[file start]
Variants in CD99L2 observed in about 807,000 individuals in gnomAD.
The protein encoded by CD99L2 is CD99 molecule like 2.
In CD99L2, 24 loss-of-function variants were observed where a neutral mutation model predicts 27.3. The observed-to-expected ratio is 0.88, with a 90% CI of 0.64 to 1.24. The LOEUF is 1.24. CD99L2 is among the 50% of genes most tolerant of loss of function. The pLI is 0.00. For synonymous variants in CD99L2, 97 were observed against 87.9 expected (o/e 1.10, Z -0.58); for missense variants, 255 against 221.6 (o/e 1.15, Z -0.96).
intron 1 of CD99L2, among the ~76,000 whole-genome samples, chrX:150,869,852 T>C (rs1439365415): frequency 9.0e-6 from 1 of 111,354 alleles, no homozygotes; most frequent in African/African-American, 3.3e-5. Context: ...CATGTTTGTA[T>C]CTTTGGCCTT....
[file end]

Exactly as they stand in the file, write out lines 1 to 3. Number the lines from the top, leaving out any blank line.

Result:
Variants in CD99L2 observed in about 807,000 individuals in gnomAD.
The protein encoded by CD99L2 is CD99 molecule like 2.
In CD99L2, 24 loss-of-function variants were observed where a neutral mutation model predicts 27.3. The observed-to-expected ratio is 0.88, with a 90% CI of 0.64 to 1.24. The LOEUF is 1.24. CD99L2 is among the 50% of genes most tolerant of loss of function. The pLI is 0.00. For synonymous variants in CD99L2, 97 were observed against 87.9 expected (o/e 1.10, Z -0.58); for missense variants, 255 against 221.6 (o/e 1.15, Z -0.96).